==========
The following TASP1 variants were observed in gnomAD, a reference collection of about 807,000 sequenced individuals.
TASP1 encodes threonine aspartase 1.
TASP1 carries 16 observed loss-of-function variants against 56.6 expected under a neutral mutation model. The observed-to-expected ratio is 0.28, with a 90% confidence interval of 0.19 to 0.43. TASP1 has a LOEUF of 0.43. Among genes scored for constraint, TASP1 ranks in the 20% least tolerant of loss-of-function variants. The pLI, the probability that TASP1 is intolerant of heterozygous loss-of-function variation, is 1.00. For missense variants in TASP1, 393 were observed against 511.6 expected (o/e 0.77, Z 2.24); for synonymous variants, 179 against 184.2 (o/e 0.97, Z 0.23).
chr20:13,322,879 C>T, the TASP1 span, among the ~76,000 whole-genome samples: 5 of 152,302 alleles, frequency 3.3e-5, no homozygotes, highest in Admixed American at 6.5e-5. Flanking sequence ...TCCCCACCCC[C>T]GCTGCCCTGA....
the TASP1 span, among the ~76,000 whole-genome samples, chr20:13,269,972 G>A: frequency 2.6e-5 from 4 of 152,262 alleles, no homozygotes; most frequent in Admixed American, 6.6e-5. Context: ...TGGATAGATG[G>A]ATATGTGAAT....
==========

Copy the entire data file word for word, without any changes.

The following TASP1 variants were observed in gnomAD, a reference collection of about 807,000 sequenced individuals.
TASP1 encodes threonine aspartase 1.
TASP1 carries 16 observed loss-of-function variants against 56.6 expected under a neutral mutation model. The observed-to-expected ratio is 0.28, with a 90% confidence interval of 0.19 to 0.43. TASP1 has a LOEUF of 0.43. Among genes scored for constraint, TASP1 ranks in the 20% least tolerant of loss-of-function variants. The pLI, the probability that TASP1 is intolerant of heterozygous loss-of-function variation, is 1.00. For missense variants in TASP1, 393 were observed against 511.6 expected (o/e 0.77, Z 2.24); for synonymous variants, 179 against 184.2 (o/e 0.97, Z 0.23).
chr20:13,322,879 C>T, the TASP1 span, among the ~76,000 whole-genome samples: 5 of 152,302 alleles, frequency 3.3e-5, no homozygotes, highest in Admixed American at 6.5e-5. Flanking sequence ...TCCCCACCCC[C>T]GCTGCCCTGA....
the TASP1 span, among the ~76,000 whole-genome samples, chr20:13,269,972 G>A: frequency 2.6e-5 from 4 of 152,262 alleles, no homozygotes; most frequent in Admixed American, 6.6e-5. Context: ...TGGATAGATG[G>A]ATATGTGAAT....